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US ban approved for high-risk bank trades that led to fiscal crisis

 In this 1980 file photo, Federal Reserve Board Chairman Paul Volcker listens to a question as he appears before the Senate Banking Committee in Washington, D.C. The Federal Reserve and the Federal Deposit Insurance Corp. each unanimously voted to adopt the so-called Volcker Rule, taking a major step toward preventing extreme risk-taking on Wall Street that helped trigger the 2008 financial crisis. AP file photo

In this 1980 file photo, Federal Reserve Board Chairman Paul Volcker listens to a question as he appears before the Senate Banking Committee in Washington, D.C. The Federal Reserve and the Federal Deposit Insurance Corp. each unanimously voted to adopt the so-called Volcker Rule, taking a major step toward preventing extreme risk-taking on Wall Street that helped trigger the 2008 financial crisis. AP file photo

WASHINGTON — U.S. regulators have taken a major step toward reining in high-risk trading on Wall Street, banning the largest banks from trading for their own profit in most cases.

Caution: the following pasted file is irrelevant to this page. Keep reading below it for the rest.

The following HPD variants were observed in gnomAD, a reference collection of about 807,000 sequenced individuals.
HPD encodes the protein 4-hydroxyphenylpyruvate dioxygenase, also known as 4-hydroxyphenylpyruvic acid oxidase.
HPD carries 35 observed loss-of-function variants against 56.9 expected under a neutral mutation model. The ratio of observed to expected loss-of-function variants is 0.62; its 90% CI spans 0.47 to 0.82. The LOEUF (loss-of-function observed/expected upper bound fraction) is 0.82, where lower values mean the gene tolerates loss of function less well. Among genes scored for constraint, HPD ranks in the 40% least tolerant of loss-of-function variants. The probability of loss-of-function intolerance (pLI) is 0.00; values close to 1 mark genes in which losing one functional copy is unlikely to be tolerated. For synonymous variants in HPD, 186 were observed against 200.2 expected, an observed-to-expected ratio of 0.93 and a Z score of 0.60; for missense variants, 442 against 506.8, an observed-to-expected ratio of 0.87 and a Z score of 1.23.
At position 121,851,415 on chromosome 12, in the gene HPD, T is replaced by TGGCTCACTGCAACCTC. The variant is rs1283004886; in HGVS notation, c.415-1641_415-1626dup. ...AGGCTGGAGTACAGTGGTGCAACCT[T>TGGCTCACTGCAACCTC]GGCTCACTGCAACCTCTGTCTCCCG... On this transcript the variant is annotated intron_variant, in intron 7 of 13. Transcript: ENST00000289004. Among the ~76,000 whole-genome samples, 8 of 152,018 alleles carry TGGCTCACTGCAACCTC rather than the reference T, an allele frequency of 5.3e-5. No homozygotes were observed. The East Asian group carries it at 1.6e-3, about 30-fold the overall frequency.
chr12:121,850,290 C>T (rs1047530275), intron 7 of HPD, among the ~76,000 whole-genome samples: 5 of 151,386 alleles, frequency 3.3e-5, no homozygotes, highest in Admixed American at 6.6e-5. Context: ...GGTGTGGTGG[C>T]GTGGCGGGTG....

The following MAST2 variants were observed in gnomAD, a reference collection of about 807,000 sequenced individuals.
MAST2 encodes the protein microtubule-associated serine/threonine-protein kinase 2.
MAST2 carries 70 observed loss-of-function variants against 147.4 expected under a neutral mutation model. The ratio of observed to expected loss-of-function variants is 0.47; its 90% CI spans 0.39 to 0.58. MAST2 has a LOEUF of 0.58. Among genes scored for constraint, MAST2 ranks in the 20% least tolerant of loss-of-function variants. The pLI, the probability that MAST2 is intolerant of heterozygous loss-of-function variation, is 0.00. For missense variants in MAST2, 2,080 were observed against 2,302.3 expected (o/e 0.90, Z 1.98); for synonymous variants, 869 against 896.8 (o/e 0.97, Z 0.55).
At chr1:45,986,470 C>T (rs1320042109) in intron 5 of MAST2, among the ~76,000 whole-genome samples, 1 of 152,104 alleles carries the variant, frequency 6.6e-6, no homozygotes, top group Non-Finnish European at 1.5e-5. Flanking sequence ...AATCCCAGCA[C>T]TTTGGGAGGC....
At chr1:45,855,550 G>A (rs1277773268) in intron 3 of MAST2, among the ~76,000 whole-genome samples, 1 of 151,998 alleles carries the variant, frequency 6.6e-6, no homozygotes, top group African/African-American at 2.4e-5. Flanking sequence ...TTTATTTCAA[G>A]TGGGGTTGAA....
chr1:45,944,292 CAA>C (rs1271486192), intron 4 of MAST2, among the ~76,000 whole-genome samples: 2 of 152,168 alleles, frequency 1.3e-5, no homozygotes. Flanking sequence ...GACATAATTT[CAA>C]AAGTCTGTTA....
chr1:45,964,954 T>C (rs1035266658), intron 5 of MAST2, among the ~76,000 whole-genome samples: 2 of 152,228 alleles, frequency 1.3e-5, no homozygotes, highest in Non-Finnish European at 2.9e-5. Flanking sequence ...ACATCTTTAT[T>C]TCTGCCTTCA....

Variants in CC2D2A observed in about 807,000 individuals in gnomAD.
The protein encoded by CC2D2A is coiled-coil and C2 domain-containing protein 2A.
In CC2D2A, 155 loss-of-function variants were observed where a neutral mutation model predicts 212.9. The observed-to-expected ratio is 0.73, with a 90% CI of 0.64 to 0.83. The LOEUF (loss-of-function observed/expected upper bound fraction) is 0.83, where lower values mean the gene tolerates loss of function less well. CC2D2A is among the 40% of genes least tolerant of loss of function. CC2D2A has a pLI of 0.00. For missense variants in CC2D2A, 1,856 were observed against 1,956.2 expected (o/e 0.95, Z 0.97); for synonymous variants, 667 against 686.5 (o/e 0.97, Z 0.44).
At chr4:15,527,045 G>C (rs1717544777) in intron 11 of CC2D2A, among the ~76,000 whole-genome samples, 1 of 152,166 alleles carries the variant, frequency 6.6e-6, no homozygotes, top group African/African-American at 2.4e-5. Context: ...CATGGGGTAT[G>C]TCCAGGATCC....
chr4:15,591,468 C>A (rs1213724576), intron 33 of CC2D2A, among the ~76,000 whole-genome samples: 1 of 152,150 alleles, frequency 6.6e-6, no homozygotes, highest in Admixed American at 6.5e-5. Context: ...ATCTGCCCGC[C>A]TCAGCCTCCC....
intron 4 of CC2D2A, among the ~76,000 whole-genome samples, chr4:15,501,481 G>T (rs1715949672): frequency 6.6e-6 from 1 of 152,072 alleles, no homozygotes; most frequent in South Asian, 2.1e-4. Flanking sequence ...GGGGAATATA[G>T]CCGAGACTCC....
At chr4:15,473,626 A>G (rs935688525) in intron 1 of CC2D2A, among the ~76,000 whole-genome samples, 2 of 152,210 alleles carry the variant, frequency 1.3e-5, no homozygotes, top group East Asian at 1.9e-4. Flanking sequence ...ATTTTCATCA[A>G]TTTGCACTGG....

It took three years to write and adopt the Volcker Rule, one of the most critical changes to financial laws in the wake of the 2008 banking crisis.

The Federal Reserve and the Federal Deposit Insurance Corp., the Securities and Exchange Commission, the Commodity Futures Trading Commission and the Office of the Comptroller of the Currency each voted Tuesday to adopt it.

The rule’s goal is to reduce the kind of trades that nearly toppled the financial system five years ago and required taxpayer-funded bailouts.

At its heart, the rule seeks to ban banks from almost all proprietary trading. The practice of trading for their own profit has been very lucrative for big banks like JPMorgan Chase, Bank of America and Citigroup. The rule also limits banks’ investments in hedge funds. Congress instructed regulators to draft the Volcker Rule under the 2010 financial overhaul law. It was named after Paul Volcker, a former Fed chairman who was also an adviser to Obama.

“This is definitely a step forward,” said Bartlett Naylor, financial policy advocate at the liberal group Public Citizen. “It’s really up to (federal) supervisors to enforce it, and that’s a matter of choice.”

The largest U.S. banks — those with $50 billion or more in assets — will be required to fully comply with the terms of the rule by July 2015. Other banks will have until 2016 to comply.

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